Era ends for Marines’ Sea Knight helicopters

Sea Knights will make their final flights on Okinawa, Monday.

The last of the U.S. Marines’ stalwart CH-46E helicopters, a medium lift, tandem-rotor transport machine in use for decades, go into retirement on Monday, making the short hop from Futenma Marine Corps Air Station to Camp Kinser.

There, the Boeing helicopters belonging to Marine Medium Tiltrotor Squadron 262 will await final disposition, replaced on a one-for-one basis by the MV-22 Osprey.  The first models of the CH-46 were introduced in 1964, and have served as all-weather, day-or-night assault transport helicopters for combat troops, supplies and equipment. Additional tasks include combat support, search and rescue (SAR), support for forward refueling and rearming points, CASEVAC and Tactical Recovery of Aircraft and Personnel (TRAP).  The Navy phased out its Sea Knight helicopters in the early 2000’s in favor of the MH-60S Knighthawks.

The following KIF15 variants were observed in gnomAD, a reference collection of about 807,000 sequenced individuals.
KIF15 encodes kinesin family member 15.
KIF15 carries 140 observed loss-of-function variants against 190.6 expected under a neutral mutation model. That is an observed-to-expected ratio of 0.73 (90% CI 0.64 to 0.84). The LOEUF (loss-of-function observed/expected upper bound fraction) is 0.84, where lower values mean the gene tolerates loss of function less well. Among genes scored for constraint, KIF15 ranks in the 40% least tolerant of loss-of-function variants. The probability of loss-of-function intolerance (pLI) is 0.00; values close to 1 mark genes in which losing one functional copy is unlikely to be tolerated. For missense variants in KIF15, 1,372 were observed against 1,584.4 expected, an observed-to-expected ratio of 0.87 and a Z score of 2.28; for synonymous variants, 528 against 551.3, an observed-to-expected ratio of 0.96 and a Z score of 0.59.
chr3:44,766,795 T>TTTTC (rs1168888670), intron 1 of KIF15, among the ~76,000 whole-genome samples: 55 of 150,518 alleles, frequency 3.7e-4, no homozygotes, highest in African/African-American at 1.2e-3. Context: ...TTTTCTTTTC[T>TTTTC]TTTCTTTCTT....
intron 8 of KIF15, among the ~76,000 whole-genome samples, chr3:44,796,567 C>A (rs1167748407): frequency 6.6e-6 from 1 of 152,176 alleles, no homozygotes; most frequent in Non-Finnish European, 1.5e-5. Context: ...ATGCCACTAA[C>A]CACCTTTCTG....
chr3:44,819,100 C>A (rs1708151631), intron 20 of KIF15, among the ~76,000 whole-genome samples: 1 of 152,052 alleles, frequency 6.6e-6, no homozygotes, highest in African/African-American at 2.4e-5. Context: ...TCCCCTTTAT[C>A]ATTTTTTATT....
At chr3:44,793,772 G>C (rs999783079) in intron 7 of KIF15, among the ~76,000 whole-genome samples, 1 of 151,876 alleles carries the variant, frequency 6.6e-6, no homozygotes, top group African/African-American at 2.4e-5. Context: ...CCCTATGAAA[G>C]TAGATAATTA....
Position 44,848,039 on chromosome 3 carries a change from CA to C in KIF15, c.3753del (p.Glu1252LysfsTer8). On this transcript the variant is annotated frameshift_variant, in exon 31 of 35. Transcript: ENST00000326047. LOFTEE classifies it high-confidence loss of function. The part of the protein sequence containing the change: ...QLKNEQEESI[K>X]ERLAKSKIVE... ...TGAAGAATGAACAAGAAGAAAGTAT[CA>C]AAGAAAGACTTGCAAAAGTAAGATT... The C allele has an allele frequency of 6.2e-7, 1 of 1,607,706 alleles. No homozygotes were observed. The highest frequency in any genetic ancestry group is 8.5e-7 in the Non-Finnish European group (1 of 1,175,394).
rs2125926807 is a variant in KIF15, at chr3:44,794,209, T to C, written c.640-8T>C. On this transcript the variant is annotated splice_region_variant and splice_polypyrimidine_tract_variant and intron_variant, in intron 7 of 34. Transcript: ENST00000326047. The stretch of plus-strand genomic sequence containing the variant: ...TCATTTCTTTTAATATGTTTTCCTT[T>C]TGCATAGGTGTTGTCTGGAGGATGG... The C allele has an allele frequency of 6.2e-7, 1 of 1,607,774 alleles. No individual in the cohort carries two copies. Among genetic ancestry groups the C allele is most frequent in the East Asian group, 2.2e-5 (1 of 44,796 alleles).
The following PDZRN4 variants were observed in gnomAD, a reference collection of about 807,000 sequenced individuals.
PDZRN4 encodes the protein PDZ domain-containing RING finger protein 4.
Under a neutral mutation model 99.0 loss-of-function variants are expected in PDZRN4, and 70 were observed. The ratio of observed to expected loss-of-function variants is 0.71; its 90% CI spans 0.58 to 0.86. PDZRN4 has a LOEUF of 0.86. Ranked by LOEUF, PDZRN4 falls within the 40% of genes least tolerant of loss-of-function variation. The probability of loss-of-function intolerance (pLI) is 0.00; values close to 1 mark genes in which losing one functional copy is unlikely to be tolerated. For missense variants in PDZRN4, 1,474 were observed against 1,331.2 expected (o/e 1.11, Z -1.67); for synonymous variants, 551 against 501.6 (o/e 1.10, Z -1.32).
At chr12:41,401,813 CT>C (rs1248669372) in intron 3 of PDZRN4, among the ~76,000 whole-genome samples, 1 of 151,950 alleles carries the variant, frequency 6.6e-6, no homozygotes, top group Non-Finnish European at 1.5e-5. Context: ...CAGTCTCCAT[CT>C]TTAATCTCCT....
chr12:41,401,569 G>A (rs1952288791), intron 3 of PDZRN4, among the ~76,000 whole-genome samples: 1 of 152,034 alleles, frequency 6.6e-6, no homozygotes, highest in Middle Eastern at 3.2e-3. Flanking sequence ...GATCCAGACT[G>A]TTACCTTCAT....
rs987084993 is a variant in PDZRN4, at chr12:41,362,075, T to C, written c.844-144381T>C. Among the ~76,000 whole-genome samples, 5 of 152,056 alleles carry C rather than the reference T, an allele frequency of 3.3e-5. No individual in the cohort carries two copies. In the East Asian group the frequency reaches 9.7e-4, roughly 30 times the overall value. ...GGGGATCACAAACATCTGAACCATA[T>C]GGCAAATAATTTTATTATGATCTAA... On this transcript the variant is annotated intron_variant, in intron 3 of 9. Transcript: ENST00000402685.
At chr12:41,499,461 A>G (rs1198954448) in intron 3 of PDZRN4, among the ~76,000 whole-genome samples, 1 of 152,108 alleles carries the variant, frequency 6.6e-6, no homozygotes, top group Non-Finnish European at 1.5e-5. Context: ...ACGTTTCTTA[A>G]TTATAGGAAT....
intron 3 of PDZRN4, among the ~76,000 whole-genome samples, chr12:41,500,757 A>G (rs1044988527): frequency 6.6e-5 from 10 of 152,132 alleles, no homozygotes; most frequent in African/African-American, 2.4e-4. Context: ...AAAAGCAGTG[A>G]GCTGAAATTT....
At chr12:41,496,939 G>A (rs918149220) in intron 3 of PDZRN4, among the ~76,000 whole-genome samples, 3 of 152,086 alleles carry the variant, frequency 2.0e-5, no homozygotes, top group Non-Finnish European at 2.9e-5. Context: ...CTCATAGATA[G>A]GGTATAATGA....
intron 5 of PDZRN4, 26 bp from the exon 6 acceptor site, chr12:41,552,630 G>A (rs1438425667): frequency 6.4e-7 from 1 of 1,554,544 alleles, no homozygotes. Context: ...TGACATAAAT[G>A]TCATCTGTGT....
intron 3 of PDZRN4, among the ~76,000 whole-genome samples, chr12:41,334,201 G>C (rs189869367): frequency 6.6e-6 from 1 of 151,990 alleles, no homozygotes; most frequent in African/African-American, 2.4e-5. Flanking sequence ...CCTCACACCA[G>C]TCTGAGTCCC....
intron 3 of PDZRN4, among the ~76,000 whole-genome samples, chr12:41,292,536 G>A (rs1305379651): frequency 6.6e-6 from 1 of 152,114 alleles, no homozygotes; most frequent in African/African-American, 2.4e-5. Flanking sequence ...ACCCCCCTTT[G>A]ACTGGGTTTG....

A total of 524 Sea Knight helicopters were produced by Boeing Vertol, the last ones coming off the assembly line in 1971.  The Marines are the last U.S. military service to use the $6 million per copy Sea Knights.

The MV-22 Ospreys which replace the Sea Knights can fly twice as fast, carry triple the weight and fly four times the distance as a CH-46E.

Basing the Osprey in Okinawa significantly strengthens the United States’ ability to provide for the defense of Japan, perform humanitarian assistance and disaster relief operations and fulfill other alliance roles. We are committed to forward deploying our strongest capabilities in the defense of our Japanese allies.